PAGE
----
If you are researching the CPU industry and ask where the big money is, look at the server and data center market. Ever since the Opteron days, AMD's market share has been rounded to zero percent, and with its first generation EPYC processors using its new Zen microarchitecture, that number has skipped a small handful of points, but everyone has been waiting for breath for the second turn at ball. AMD's Roma platform solves the concerns of the first gene in Naples, plus this CPU family is designed to do many things: a new 7 nm CPU microarchitecture, offer up to 64 cores, offer 128 paths with PCIe 4.0, offer 8 memory channels and offer a unified memory architecture based on chiplets. Today marks the launch of Rome, and we have some of our own data to share about the results.
Review edited by Dr. Ian Cutress
Sixty-four cores. Each core with an improved Zen 2 core, offering ~ 1
Start for BIOS, check the node information.
[Note: That 1500 mV reading in the screenshot is the same reading we see on consumer Ryzen platforms; it seems to be the non-DVFS voltage as listed in the firmware, but isn’t actually observed]
It is clear that the raw specifications of our new Rome CPU are some of the most impressive on the market. The question then is whether this is the newest fastest server chip on the market – a claim that AMD is putting all its weight behind. If this is the latest fastest CPU on the market, then the question becomes "after how much?" And "how much does it cost?".
I've been covering server CPUs since the launch of Opteron in 2003, but this is nothing I've ever seen before: a competitive core and twice as many of them on a chip as the competition (Intel, Cavium, even IBM) ) can offer. To quote AMD's SVP from the Enterprise Division, Forrest Norrod:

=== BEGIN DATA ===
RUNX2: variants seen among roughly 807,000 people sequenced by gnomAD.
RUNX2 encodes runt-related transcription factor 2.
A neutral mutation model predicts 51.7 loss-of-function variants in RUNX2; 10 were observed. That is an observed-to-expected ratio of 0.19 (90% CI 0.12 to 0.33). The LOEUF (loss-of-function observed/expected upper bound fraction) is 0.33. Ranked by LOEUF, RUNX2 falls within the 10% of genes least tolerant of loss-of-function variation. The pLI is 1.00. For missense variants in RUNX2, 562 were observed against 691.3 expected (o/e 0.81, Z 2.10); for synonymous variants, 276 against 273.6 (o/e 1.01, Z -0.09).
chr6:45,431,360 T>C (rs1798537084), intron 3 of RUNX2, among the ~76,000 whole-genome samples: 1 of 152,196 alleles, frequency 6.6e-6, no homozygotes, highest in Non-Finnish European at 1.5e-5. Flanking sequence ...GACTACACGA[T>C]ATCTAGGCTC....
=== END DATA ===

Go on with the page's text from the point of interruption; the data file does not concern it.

"We designed this section to compete with Ice Lake and expected to make some progress on a threaded performance. We didn't expect to be reheated Skylake instead This is going to be one of the highlights of our career. "
Self-confidence is high at AMD at all times, and on paper it seems justified. The new Roma server processors have improved the IPC core, doubled the core number at the high end, and it uses a new production process (7 nm) technology in one turn. Usually, we see that a server company does one of those things at a time, not all three. It really is a great risk to take, and the potential to be exciting if everything falls into place.
To put this into perspective: promising up to 2x FP performance, 2x cores and a new process technology would sound so strange a few years ago. At the end of Opteron days, only 4-5 years ago, Intel's best CPUs were up to three times faster. At that time, there was little or no reason to buy a server with AMD Opterons. Two years ago, EPYC AMD got back into the server market, but even though performance per dollar ratio was much better than Intel's, it was not a complete victory. Not only was AMD still trailing in database performance and AVX / FP performance, but partners and OEMs were also reluctant to partner with the company without a proven product.
So now that AMD has proven its worth with Naples, and AMD promised more than twice the deployed designs of Rome with a very fast ramp to customers, we have to compare the old with the new. For the launch of the new hardware, AMD gave us a dual EPYC 7742 system from Quanta, with two 64-core CPUs.